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Braking best techniques

Braking techniques fuel economy

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66 replies to this topic

#61 OFFLINE   ScubaDadMiami

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Posted 29 April 2015 - 05:14 PM

 

 

I got a ~15% improvement in mileage when I stopped doing that.

 

When I got the car, the conventional wisdom was to accelerate as fast as would keep the battery charging. Keep that ^ visible, which allowed full 2-bar acceleration if SOC was low.

 

Last year, I tried lower throttle settings, about 1.5-bar, so the car accelerated more slowly, and spent more time charging the battery (and warming coolant in winter). I soon realized that lower throttle settings increased the charge rate as well. I've since set My View up with a tachometer so I could watch RPM. Keeping it under 2,000 RPM most of the time has made a huge difference, as I can still accelerate and climb what pass for hills around here while charging the HVB - win-win-win.

 

You may have to open this is a new browser window to see it, but in the lower chart, "baseline" was using 2-bar, and the "Spring" and "Summer" were more like 1.5-bar acceleration (when prudent, of course)

 
 

Have fun,

Frank

 

This sounds like what I do. Also, things depend on your intended speed and your current SOC.

 

If my HVB is low while my intended speed is city speeds, 30-45 MPH, I tap to engage ICE, bring the pressure down to just enough to keep ICE engaged, and I do a slow burn that keeps me going at the same speed (or slowly speeding up) while charging. Once I get to a good SOC, I do another "soft" tap, engaging HVB and turning off ICE, and I either keep going at the same speed, or I am slowly slowing down somewhat, and I glide until back down to a low SOC. I make changes to technique based upon the road conditions, such as areas with known hills, places where I have to stop for signals, etc.

 

If I have a low SOC and I need to speed up from a dead stop, such as from a red light, I start rolling with EV up to about 15-18 MPH, then I do a brief (as brief as I can get away with, given traffic flow--usually for about 5 to 7 seconds, something like that) two bar burn with ICE. This keeps me moving with the traffic flow, or even better than that. I back off of the throttle pressure but keep ICE engaged, and I try to maintain about 1.125 bar pressure to continue to speed up. After checking with My View many times, this works out to the 2,000 RPM figure.

 

If I have a high SOC, I start rolling in EV up to about 15-18 MPH, then I do a two bar burn to get up to intended speed ASAP. The reason: ICE uses less gas by making a higher burn for a shorter time than it does with a lower burn for a longer time. Once at speed, I glide using EV.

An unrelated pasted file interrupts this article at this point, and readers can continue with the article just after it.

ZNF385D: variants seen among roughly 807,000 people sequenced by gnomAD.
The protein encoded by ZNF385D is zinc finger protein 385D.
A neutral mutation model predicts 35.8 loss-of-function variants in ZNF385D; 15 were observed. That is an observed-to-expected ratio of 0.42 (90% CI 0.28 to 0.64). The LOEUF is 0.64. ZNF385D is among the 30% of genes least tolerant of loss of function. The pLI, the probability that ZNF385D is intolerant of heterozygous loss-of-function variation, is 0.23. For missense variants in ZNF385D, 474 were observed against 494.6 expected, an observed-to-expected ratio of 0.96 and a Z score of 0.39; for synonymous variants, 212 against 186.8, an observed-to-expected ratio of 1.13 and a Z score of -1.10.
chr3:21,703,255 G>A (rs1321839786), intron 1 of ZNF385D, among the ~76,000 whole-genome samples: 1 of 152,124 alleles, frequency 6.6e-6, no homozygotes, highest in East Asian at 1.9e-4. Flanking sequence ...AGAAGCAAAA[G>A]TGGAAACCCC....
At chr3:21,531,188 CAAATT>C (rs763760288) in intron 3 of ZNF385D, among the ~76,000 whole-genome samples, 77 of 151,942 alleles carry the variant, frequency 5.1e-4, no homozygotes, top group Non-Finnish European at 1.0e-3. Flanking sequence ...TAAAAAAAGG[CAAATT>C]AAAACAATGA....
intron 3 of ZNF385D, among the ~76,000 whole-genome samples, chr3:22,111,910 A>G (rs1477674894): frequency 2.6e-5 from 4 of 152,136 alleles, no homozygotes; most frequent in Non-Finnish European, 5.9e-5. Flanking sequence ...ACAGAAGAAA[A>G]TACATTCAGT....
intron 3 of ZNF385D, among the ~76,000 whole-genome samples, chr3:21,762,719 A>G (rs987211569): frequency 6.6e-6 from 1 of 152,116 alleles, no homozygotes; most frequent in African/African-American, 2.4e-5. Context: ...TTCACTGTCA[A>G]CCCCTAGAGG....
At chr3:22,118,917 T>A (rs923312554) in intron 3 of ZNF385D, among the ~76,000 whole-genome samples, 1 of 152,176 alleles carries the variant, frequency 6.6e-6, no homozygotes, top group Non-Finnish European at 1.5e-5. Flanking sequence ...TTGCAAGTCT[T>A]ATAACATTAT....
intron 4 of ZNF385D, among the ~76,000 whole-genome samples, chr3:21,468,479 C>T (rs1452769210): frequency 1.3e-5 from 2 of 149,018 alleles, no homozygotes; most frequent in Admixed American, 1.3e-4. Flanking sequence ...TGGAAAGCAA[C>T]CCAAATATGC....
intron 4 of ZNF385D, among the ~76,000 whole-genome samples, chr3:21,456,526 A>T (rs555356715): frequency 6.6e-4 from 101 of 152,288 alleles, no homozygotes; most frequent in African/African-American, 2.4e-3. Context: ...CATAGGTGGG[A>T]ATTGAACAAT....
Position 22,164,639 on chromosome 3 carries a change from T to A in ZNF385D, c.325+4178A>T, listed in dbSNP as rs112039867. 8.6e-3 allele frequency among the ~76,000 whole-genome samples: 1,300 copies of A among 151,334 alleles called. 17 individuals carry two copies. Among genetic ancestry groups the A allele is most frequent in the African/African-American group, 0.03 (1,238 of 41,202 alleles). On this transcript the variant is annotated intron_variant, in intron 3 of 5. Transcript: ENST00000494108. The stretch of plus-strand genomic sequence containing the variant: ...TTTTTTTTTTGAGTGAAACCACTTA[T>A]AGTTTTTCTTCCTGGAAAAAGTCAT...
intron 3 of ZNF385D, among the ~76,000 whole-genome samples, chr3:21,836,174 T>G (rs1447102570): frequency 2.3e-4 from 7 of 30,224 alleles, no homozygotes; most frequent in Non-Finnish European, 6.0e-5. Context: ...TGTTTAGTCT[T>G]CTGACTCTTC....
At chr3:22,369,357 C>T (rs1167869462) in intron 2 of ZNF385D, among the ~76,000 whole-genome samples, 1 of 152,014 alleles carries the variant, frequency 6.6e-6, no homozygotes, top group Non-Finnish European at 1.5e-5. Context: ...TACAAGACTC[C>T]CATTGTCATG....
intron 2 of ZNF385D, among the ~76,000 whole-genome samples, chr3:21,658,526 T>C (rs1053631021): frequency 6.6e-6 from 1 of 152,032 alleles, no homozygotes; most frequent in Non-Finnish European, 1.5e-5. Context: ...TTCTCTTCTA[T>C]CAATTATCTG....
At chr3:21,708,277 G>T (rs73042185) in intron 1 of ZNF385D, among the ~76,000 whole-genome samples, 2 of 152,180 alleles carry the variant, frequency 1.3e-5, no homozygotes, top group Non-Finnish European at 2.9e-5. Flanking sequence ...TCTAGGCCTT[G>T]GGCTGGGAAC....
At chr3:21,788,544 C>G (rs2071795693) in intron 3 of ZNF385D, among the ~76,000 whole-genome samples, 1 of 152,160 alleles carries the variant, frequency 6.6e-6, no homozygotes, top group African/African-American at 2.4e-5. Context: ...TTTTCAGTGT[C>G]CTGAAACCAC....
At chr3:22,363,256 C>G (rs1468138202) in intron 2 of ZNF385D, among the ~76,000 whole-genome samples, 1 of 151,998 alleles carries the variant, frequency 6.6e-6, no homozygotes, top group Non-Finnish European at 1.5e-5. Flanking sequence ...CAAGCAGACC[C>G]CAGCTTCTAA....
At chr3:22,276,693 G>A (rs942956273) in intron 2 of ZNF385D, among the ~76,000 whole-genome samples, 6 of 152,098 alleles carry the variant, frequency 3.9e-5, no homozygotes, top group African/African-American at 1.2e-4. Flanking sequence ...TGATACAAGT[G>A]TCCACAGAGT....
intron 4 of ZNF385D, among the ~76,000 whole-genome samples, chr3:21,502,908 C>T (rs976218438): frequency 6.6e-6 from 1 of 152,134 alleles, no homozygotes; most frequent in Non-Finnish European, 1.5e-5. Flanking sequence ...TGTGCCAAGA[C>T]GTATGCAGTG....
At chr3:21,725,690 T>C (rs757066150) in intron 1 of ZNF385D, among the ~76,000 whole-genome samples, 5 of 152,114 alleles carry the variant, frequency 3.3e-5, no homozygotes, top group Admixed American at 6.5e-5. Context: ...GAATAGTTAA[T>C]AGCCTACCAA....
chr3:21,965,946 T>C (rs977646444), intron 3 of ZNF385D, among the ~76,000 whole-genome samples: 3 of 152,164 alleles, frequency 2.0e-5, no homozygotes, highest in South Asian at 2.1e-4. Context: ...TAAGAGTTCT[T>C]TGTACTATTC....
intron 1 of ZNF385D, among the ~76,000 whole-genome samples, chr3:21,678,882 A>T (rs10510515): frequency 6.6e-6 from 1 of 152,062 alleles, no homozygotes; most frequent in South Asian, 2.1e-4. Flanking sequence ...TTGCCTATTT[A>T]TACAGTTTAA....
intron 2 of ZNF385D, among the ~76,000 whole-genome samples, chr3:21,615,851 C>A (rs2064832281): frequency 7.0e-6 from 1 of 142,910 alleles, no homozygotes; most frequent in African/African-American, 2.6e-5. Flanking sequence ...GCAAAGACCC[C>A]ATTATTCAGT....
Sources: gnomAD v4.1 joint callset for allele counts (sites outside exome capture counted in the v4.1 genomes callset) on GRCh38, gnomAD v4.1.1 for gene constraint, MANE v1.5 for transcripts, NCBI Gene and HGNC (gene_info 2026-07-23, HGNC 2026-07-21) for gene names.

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#62 OFFLINE   fbov

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Posted 30 April 2015 - 09:01 AM

...: ICE uses less gas by making a higher burn for a shorter time than it does with a lower burn for a longer time.

I've come to question this, with very positive results, as this is exactly what I changed.

 

The "higher burn for a shorter time" approach leaves me with lower SOC compared with "lower burn for a longer time." Believe me when I say I was skeptical, but watching the tank average MPG, I realized that at 1.5-2K RPM, the car seems to use much less gas than at 2.5-3K RPM. A low burn that drops the average 0.1MPG is a lot longer than a high burn with the same MPG drop, and you gain SOC and WT (a critical advantage in winter).

 

Conversely, SDM, I'm finally getting the hang of EV'ing from a stop, a technique you once suggested that I had a hard time achieving.

 

BTW, the low burn approach has an interesting affect on following traffic. Invariably, the conventional drivetrain is on my bumber coming out of the intersection, because they're in a low gear putting lots of torque to the road. As their tranny shifts to higher gears, their accelaration rate slows. They invariably end up many car lengths behind because they stop accelerating when they hit high gears. Our little CVT will keep the ICE RPM constant the whole time, so my slow acceleration has continued past their achieved cruising speed. They may catch up, but I've still only been passed once in 21 months driving the car.

 

Have fun,

Frank


Edited by fbov, 30 April 2015 - 09:01 AM.


#63 OFFLINE   scottwood2

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Posted 30 April 2015 - 11:47 AM

I tried the new technique last night.  I did 5 stops (trips) and tried to keep the car from charging the battery while I was accelerating.  It felt really strange and kind of the opposite from what I have been driving.  So this produced much shorter bursts of power keeping ICE off a whole lot more but my battery was not being charged much.  The recharge mainly came from decel and braking.  Once I was up to speed (above speed) I would go to elec and try to just keep the down arrow on.  This works pretty well most of the time and I am always surprised how this little amount of power pushes the car.  If the speed would drop too far down I would use ICE to quickly bring the speed back up.  Usually after 10 MPH drops.   This depends on traffic too. 

 

I almost stopped doing this about half way to my 1st stop as it just did not feel right.  I really thought my FE was going to suck but I decided to stick it out to see what happens.  To my surprise i did almost 56 MPG.  I mainly get upper 40's /  low 50's going home and this was a totally different route so I had no comparison but I did not expect anywhere near this FE. 

 

I continued the other legs of the trips and did even better.  Some in the 60's and even one at 72 MPG (short trip 2 miles). 

 

Coming into work this morning I did 55 MPG.  My old technique would do this and sometime into the 60's but there is not much traffic but a lot of lights so avg speed is way lower. 

 

I really did not focus on the RPM much other than to try to keep the battery from being charged by ICE.  It was hard to do sometime and would still charge at over a 3 bar burn but again at this acceleration ICE is not on very long.  I was also surprised by how much the decel and braking recharged the battery.  My SOC gauge was low on the scale most of the time but it was enough to keep the car moving most of the time without starting ICE to charge.